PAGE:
The last month or so has seen a lot of bricks in my backpack. Sadly, I'm one of those people who usually whines first and yanks on the bootstraps later. (Working on that.) But somewhere in the beginning of all of this, I found myself on my knees. I found myself asking for a stronger back, for just enough to see things through, for enough hope to keep at it. And today I feel a little stronger.
Oh, I've thrown a few fits, shed more tears than I like to admit, and seriously doubted if I could handle one more day of lugging. I don't know what tomorrow, next week, or even next year will bring, but I feel like I might be able to shoulder more than I thought. Strange that.
Some of life's bricks aren't really bricks. They're little things, daily responsibilities to handle (like getting one of my kids to do his homework). Some other bricks are more like boulders and not as easily shed. And some weights I think I might have to carry for a long time.
But a new thought struck me. Sometimes my backpack is heavier because I try to carry it alone. I don't ask for help--not much. That isn't to say I don't ever lean on others. (I'm pretty sure my husband has developed a limp from all of the times I lean against him.) I just usually don't ask anyone to help me carry my cares. Many times, I pretend like I don't even own a backpack.
"Things are great! Thanks for asking."
"Nope, we're good. Not much going on with us."
"Thanks, I appreciate that. Is there anything I can do for you?"I don't claim to always act this way. If you've read my blog for very long, you know I tend to talk often about my concerns. But generally I try to spin a positive attitude, express gratitude, or reflect the positive outcomes of those moments. I try to, at least. But if I'm going to be honest, sometimes I outright lie about my "invisible" backpack. (Wow. The irony in that sentence makes my head swim.)
There are, and have been, people in my life I've shared my cares with. Some of them have been remarkably patient, understanding, and supportive. I'm not an easy person to know, and I admit that I have a cargo-train's worth of baggage. That's something I consider, in large part, to be the reason the list of people "in the know" is so short.
Another reason is that I've been burned pretty badly. I think everyone has at one point or another. Sometimes we misplace our trust. Sometimes we jump the gun. Sometimes people aren't what we thought they were. Sometimes, something is just too much. And like anyone who's put their fingers too close to the fire, I've learned to keep my hand to myself.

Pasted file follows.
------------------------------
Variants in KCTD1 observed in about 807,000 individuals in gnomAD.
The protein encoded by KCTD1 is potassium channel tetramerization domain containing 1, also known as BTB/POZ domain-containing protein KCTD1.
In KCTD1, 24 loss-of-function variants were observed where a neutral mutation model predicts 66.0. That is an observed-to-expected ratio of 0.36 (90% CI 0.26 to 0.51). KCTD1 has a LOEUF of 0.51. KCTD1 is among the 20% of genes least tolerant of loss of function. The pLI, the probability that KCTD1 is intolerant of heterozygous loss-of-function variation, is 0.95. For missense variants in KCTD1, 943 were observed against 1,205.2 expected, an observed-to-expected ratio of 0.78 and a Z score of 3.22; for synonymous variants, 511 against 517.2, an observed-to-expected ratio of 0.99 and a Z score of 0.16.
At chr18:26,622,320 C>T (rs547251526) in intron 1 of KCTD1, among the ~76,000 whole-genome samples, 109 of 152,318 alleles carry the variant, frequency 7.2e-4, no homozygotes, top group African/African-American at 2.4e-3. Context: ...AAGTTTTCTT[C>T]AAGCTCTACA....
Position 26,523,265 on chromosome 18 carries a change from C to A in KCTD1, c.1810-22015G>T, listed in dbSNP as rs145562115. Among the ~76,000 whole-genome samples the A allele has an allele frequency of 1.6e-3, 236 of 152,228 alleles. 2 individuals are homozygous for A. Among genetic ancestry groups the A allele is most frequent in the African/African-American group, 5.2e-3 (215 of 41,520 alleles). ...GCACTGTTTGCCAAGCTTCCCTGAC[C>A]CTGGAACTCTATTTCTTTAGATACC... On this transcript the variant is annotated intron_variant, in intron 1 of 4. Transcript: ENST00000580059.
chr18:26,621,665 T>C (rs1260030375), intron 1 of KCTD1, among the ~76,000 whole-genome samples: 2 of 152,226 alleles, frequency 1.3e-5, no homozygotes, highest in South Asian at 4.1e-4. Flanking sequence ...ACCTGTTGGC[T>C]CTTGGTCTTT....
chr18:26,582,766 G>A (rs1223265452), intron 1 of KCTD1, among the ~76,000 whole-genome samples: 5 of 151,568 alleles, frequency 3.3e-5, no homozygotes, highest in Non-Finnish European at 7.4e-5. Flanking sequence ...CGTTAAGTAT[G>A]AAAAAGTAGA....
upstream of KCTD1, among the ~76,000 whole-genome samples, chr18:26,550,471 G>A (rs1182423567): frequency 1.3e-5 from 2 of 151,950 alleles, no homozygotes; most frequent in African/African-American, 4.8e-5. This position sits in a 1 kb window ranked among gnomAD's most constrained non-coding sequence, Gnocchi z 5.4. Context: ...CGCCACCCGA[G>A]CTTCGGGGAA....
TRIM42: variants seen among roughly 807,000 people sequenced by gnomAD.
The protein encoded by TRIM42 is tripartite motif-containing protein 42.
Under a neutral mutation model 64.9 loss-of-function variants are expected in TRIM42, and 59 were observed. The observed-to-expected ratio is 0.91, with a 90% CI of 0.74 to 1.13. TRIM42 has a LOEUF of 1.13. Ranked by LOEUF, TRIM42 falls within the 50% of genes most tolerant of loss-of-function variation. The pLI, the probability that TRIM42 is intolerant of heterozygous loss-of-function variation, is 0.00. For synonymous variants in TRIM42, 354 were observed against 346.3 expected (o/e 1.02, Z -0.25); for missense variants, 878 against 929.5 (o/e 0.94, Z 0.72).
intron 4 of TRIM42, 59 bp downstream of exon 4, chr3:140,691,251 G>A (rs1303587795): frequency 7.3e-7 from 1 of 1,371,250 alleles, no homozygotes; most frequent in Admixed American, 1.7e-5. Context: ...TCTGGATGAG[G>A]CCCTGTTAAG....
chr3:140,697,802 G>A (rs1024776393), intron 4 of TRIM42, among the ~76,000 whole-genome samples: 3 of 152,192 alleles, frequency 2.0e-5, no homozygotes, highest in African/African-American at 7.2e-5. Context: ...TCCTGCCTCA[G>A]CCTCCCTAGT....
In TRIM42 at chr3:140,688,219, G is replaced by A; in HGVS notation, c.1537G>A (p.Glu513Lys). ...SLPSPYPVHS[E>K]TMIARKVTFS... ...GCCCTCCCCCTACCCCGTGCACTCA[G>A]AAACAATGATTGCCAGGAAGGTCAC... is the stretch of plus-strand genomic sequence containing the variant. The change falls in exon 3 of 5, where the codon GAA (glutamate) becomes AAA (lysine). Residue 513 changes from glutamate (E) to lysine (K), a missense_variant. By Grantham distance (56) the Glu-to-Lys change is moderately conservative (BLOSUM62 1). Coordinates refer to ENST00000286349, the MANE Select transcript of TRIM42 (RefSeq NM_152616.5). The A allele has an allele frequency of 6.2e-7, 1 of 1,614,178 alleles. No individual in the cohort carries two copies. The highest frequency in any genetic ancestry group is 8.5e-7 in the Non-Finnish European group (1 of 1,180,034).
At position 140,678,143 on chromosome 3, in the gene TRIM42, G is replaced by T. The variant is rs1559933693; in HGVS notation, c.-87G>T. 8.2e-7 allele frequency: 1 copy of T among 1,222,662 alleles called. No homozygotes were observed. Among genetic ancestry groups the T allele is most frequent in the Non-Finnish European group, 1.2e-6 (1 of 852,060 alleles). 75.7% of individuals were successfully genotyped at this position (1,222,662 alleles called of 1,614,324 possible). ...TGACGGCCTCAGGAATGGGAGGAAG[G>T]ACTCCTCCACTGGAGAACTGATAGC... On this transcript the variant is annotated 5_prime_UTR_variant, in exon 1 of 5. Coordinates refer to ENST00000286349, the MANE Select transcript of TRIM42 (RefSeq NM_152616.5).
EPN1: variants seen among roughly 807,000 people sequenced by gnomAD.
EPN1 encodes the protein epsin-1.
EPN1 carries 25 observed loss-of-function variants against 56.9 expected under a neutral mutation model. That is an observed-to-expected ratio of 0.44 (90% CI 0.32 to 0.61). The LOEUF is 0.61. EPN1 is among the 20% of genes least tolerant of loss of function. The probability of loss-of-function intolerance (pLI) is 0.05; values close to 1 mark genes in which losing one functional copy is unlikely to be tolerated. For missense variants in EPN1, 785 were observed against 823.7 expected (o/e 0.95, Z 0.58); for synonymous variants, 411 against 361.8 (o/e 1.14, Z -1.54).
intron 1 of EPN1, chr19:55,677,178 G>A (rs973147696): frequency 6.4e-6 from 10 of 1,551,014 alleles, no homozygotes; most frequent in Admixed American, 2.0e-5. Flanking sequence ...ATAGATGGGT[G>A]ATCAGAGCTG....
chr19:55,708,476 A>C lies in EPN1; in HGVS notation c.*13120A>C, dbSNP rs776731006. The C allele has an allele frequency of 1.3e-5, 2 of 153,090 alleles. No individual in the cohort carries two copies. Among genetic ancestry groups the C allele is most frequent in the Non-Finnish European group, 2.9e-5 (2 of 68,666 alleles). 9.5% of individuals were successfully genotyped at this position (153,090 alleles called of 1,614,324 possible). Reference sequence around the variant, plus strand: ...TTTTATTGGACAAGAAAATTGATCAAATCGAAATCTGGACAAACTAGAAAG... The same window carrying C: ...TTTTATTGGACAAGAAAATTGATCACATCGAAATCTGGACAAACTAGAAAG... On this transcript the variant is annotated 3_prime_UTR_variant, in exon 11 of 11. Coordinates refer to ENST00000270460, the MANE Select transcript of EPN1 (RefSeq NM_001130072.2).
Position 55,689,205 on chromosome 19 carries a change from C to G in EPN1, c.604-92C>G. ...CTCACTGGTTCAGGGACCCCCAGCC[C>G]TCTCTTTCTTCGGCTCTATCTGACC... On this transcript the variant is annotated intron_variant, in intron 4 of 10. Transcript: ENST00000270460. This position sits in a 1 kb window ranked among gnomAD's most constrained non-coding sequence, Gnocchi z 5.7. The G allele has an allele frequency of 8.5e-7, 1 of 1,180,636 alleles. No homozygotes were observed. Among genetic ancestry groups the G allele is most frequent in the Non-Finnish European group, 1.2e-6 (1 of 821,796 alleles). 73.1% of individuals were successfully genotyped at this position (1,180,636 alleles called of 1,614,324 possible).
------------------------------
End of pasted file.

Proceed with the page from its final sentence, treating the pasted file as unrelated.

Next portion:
But today, I'm wondering if keeping away from the fire is also keeping me away from warmth. What if shunning the flame is just leaving me out in the dark? One of my favorite country songs is by Garth Brooks and is also the title of this post.*
We call them cool
Those hearts that have no scars to show
The ones that never do let go
And risk the tables being turned
We call them foolsI never thought I was one of those people, calling people fools for risking it all. I always thought I championed people like that. In my heart, I do root for them. But somewhere along the way, I stopped being one of those people willing to risk the flame. I stopped, I flinched, I stepped away. I began to see only the destruction wrought instead of how life-giving fire can be.
Who have to dance within the flame
Who chance the sorrow and the shame
That always comes with getting burned
Why is it so hard to just say it? I need help. I need a friend. I'm having a hard time doing this alone. Have I been so afraid of the heat that I'm missing out on the ring of people circling the pit? Some of the world's best stories have been told around campfires. As a storyteller myself, isn't it just so wrong that I'm purposely staying away from that? Is it really living if I'm standing out on the fringes?
Life is not tried, it is merely survived if you're standing outside the fireI wonder if maybe I ought to be willing to admit I have a backpack. A good friend doesn't just help carry your burdens--they also help you set them down and keep you walking onward. And, I think, a really good friend lets you return the favor. But a friend can't do any of these things if you don't let them in.
These are the thoughts rolling around in my head today. I'm not anticipating a full-on bonfire anytime soon. But I do wonder if there isn't something inside of me, telling me that I'm not content to live life this way. That I'm not made for hiding. That sometimes the risk is worth the fear.
There's this love that is burningMaybe it's time I took a risk.
Deep in my soul
Constantly yearning to get out of control
Wanting to fly, higher and higher
I can't abide
Standing outside the fire
Until next time,
*Italicized stanzas and post title from Garth Brook's Standing Outside the Fire